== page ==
Dissemination and influence
Hölderlin’s major publication in his lifetime was his novel Hyperion, which was issued in two parts (1797 and 1799). Various individual poems were published but attracted little attention and in 1799 he also attempted to produce a literary-philosophical periodical, Iduna. His translations of the dramas of Sophocles were published in 1804 but were generally met with derision over their apparent artificiality and difficulty caused by transposing Greek idioms into German. In the 20th century, theorists of translation such as Walter Benjamin have vindicated them, showing their importance as a new – and greatly influential – model of poetic translation. Der Rhein and Patmos, two of the longest and most densely charged of the hymns, appeared in a poetic calendar in 1808.
Wilhelm Waiblinger, who visited Hölderlin in his tower repeatedly in 1822-3 and depicted him in the protagonist of his novel Phaëthon, urged the necessity of issuing an edition of his poems and the first collection of his poetry was issued by Ludwig Uhland and C. T. Schwab in 1826. They omitted anything they suspected might be 'touched by insanity'. A copy was given to Hölderlin, but some years later this was stolen by a souvenir-hunter. A second, enlarged edition with a biographical essay appeared in 1842, the year before Hölderlin’s death.
Only in 1913 did Norbert von Hellingrath, a member of the circle around poet Stefan George
, bring out the first two volumes of what eventually became a six-volume edition of Hölderlin's poems, prose and letters (the 'Berlin Edition', Berliner Ausgabe). For the first time, Hölderlin's hymnic drafts and fragments were published and it became possible to gain some overview of his work in the years between 1800 and 1807, which had been only sparsely covered in earlier editions. The Berlin edition and von Hellingrath's impassioned advocacy of Hölderlin's work shifted the emphasis of appraisal from his earlier elegies to the enigmatic and grandiose later hymns. At the same time, Hölderlin's appeals to the Germans became all too easy to abuse among nationalists and finally among Nazi-inflected groups.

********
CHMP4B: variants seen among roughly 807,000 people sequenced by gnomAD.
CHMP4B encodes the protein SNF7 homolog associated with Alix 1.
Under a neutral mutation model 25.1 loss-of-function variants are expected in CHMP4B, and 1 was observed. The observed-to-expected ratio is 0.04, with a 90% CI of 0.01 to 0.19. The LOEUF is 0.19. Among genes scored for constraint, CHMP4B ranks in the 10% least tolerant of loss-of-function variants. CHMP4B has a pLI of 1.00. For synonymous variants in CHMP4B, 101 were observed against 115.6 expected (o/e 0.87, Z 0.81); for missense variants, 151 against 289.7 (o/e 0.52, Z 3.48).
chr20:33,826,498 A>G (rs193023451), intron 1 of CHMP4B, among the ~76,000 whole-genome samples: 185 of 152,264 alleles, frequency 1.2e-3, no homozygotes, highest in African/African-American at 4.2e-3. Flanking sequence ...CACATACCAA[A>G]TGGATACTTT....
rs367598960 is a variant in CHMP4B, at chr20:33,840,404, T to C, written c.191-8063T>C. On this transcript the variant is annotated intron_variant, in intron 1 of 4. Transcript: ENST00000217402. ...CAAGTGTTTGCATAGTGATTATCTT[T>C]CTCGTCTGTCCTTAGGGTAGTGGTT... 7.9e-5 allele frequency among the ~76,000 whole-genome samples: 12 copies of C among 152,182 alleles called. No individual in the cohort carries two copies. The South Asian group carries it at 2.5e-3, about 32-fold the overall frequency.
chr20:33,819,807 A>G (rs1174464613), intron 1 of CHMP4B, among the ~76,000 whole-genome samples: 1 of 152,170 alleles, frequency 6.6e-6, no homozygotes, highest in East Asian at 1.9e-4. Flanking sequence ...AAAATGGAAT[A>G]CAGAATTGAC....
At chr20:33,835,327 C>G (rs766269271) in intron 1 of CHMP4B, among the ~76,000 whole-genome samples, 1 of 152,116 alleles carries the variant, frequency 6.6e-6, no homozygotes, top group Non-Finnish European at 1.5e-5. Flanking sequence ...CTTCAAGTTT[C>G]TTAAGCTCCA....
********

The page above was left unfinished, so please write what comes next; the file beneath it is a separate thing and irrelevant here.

Already in 1912, before the Berlin edition began to appear, Rainer Maria Rilke
composed his first two Duino Elegies whose form and spirit draw strongly on the hymns and elegies of Hölderlin. Rilke had met von Hellingrath a few years earlier and had seen some of the hymn drafts, and the Duino Elegies heralded the beginning of a new appreciation of Hölderlin's late work. Although his hymns can hardly be imitated, they have become a powerful influence on modern poetry in German and other languages, and are sometimes cited as the very crown of German lyric poetry.